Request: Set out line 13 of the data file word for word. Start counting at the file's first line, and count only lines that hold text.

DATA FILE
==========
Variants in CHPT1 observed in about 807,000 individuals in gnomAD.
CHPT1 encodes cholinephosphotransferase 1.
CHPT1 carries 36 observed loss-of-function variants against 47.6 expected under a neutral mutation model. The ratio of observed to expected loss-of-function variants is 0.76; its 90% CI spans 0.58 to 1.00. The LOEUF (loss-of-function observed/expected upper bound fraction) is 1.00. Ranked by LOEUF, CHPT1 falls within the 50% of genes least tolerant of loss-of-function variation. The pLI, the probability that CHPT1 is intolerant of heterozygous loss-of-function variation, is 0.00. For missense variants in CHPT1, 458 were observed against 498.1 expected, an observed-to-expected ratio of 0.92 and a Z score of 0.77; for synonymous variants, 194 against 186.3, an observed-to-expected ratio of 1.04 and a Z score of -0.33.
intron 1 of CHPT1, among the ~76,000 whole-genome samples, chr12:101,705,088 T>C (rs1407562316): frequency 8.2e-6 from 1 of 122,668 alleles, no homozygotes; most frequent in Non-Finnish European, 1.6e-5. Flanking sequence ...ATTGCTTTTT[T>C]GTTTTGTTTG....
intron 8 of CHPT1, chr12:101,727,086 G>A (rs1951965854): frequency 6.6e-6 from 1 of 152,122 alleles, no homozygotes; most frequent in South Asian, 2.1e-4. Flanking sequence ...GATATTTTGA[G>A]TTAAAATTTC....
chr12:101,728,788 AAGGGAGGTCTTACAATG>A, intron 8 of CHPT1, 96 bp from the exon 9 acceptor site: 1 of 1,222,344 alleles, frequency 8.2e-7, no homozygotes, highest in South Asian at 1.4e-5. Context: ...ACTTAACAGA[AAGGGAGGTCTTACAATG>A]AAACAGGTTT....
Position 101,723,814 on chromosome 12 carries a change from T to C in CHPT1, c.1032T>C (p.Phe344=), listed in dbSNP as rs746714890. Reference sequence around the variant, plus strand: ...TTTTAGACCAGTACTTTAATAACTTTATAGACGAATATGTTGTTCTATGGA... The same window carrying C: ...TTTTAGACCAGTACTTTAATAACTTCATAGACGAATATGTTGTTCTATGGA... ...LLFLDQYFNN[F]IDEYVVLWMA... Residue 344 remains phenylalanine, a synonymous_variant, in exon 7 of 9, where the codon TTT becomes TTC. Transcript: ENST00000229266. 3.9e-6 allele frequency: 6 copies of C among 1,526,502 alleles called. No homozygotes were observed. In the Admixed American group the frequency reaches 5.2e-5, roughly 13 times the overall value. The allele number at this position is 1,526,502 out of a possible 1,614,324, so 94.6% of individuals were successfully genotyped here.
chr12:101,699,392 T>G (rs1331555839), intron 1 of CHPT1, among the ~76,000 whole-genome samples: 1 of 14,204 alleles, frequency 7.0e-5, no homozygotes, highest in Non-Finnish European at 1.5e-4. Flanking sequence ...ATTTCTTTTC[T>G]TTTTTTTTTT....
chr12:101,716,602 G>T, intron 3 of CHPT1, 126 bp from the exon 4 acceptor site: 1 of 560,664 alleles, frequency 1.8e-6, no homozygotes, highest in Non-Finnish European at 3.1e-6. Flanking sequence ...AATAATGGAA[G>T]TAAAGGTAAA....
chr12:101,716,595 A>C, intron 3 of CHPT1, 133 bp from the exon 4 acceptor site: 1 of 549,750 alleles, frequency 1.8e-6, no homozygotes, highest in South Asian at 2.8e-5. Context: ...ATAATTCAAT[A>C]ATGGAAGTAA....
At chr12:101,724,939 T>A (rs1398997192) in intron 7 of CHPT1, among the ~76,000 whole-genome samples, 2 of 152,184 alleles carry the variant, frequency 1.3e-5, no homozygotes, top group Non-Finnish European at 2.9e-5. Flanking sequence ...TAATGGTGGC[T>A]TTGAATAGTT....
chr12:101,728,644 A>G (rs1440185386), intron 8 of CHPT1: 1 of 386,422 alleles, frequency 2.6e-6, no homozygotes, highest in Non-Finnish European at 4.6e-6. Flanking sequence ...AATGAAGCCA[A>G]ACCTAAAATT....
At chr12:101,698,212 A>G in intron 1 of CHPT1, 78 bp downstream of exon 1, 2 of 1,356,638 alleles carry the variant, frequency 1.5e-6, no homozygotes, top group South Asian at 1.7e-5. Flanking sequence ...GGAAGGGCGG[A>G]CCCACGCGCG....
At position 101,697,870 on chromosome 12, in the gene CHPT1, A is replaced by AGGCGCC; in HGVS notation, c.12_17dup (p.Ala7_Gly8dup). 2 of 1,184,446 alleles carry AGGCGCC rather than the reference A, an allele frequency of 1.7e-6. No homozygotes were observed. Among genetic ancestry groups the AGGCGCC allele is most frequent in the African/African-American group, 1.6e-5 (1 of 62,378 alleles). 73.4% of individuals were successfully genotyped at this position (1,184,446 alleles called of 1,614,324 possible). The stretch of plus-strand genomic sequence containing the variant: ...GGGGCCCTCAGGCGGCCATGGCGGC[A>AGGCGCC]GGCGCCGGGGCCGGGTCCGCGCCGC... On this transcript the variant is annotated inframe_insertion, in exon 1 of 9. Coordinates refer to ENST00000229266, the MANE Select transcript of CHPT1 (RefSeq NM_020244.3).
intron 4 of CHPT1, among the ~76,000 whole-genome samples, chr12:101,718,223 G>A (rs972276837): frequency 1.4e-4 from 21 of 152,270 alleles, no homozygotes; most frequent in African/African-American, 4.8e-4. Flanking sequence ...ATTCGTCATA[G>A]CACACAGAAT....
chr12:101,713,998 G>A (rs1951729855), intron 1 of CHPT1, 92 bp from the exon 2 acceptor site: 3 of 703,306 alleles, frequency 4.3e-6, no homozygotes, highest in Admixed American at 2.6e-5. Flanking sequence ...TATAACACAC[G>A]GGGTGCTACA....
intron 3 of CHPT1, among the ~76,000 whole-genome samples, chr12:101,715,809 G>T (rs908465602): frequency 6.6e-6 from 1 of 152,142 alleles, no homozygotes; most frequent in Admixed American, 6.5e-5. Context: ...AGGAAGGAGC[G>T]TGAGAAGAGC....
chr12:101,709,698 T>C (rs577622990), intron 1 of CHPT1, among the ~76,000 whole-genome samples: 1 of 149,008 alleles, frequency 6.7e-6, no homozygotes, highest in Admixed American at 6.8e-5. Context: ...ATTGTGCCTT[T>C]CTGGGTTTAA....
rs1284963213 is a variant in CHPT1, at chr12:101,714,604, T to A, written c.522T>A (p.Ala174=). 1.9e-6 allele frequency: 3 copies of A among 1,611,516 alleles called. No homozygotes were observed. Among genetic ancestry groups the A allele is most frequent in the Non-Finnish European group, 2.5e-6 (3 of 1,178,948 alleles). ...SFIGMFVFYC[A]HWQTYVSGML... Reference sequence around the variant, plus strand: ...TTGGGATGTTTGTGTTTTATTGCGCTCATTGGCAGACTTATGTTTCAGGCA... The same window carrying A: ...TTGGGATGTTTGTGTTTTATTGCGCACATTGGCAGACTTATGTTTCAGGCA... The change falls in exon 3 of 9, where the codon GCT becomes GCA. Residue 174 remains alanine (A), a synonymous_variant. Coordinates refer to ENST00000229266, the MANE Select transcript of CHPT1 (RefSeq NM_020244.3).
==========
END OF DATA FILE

At chr12:101,698,212 A>G in intron 1 of CHPT1, 78 bp downstream of exon 1, 2 of 1,356,638 alleles carry the variant, frequency 1.5e-6, no homozygotes, top group South Asian at 1.7e-5. Flanking sequence ...GGAAGGGCGG[A>G]CCCACGCGCG....